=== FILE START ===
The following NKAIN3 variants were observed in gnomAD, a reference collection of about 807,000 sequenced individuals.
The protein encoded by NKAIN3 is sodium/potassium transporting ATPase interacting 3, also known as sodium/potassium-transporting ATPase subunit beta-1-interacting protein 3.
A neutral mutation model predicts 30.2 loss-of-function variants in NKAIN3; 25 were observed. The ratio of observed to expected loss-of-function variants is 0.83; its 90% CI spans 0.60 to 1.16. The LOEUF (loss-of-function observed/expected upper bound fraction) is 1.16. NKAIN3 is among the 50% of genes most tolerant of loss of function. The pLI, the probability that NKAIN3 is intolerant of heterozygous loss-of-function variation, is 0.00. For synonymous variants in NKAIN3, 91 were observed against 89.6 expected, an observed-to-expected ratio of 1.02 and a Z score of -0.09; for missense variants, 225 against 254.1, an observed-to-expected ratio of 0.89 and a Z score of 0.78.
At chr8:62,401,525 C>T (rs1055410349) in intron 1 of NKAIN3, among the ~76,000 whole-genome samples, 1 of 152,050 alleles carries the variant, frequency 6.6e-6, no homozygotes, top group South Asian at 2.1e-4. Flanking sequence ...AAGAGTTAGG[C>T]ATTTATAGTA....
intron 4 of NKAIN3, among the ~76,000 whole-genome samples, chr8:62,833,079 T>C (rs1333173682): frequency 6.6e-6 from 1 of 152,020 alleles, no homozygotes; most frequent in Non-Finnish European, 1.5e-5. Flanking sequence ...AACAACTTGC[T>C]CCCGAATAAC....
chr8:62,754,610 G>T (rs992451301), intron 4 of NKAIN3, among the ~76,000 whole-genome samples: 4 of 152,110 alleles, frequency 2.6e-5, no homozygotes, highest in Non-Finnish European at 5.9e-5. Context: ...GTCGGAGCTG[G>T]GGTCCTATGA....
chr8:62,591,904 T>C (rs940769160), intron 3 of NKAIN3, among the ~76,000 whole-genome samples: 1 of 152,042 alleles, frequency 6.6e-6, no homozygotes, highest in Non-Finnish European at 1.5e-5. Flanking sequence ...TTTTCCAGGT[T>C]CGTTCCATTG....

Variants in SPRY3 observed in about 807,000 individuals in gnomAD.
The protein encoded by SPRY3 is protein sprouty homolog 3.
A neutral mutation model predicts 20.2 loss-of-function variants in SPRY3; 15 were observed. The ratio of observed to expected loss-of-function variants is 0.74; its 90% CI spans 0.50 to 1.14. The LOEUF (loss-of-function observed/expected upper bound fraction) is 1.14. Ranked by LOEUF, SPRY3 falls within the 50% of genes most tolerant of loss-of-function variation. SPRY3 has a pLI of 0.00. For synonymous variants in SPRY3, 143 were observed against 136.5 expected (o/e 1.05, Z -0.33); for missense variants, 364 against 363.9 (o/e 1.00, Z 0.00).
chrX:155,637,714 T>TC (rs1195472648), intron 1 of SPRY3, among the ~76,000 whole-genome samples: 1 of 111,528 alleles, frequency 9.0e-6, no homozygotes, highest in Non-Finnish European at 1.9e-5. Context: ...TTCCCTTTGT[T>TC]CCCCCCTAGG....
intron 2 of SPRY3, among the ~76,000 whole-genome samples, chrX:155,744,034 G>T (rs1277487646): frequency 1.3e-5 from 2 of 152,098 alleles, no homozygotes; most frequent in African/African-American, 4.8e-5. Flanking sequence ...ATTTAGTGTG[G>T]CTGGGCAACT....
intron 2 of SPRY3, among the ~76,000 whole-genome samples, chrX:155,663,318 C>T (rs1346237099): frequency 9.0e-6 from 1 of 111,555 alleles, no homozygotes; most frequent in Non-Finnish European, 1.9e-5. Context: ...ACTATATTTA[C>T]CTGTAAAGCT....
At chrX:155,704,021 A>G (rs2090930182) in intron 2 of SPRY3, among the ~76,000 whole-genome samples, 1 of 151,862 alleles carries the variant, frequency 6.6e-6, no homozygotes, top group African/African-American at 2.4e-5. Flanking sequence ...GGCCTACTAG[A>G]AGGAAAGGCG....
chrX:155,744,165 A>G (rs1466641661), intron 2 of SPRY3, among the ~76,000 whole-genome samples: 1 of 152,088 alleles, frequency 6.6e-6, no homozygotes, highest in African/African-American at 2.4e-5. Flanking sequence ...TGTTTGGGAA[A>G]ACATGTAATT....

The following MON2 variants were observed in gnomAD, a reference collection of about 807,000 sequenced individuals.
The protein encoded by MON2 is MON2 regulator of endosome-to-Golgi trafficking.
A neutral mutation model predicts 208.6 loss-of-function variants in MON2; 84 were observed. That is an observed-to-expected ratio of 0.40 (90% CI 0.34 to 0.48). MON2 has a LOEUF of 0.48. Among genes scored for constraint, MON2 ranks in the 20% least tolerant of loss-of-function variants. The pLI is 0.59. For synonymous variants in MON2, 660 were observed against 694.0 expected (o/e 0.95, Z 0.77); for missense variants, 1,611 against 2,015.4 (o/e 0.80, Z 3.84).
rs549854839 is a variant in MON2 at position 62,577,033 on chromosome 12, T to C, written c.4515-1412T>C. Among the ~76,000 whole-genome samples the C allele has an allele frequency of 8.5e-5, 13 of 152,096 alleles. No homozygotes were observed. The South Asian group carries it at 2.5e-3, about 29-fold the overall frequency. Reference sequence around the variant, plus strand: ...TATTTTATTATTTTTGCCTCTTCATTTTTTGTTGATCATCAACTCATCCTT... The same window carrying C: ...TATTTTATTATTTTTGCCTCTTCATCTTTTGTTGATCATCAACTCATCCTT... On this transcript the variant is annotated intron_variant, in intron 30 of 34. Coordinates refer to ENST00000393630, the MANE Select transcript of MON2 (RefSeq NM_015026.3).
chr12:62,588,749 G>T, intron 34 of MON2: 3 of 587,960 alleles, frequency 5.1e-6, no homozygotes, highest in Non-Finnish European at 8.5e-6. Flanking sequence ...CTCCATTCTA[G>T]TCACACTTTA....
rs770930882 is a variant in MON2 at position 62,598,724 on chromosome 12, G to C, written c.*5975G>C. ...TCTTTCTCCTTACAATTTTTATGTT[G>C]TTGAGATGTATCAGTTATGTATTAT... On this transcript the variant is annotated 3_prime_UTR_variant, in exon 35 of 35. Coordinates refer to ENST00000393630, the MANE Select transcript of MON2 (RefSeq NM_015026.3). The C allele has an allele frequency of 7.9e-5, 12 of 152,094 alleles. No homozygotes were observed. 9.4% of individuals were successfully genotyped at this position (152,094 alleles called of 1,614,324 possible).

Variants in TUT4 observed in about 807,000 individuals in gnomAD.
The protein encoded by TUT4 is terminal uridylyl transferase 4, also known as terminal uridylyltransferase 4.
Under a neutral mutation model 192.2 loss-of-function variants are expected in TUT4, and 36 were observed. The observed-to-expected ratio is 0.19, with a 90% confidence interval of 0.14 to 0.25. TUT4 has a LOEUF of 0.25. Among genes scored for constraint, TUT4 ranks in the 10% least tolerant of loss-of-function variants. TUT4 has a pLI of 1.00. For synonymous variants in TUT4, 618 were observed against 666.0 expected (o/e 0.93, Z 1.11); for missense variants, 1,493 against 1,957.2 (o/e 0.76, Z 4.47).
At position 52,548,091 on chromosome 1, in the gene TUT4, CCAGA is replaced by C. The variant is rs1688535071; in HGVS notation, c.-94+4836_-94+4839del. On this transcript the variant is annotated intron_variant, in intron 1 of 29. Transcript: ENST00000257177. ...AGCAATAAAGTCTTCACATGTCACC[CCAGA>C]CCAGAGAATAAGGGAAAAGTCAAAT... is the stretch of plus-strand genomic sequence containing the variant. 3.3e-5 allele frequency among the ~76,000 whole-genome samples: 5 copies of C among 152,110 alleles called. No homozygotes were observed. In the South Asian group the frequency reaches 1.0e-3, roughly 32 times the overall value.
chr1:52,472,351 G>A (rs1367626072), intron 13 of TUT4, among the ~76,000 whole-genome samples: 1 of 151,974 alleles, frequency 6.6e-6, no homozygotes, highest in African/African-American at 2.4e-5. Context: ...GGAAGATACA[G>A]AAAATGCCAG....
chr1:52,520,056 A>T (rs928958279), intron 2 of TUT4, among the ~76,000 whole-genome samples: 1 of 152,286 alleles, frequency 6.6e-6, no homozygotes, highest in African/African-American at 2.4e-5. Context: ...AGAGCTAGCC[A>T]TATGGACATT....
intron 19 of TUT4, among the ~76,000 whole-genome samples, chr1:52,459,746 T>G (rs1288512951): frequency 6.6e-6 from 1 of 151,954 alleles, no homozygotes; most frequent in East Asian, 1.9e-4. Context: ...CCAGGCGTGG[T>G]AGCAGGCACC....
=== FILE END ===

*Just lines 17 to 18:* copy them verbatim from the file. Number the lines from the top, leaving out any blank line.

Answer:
The protein encoded by MON2 is MON2 regulator of endosome-to-Golgi trafficking.
A neutral mutation model predicts 208.6 loss-of-function variants in MON2; 84 were observed. That is an observed-to-expected ratio of 0.40 (90% CI 0.34 to 0.48). MON2 has a LOEUF of 0.48. Among genes scored for constraint, MON2 ranks in the 20% least tolerant of loss-of-function variants. The pLI is 0.59. For synonymous variants in MON2, 660 were observed against 694.0 expected (o/e 0.95, Z 0.77); for missense variants, 1,611 against 2,015.4 (o/e 0.80, Z 3.84).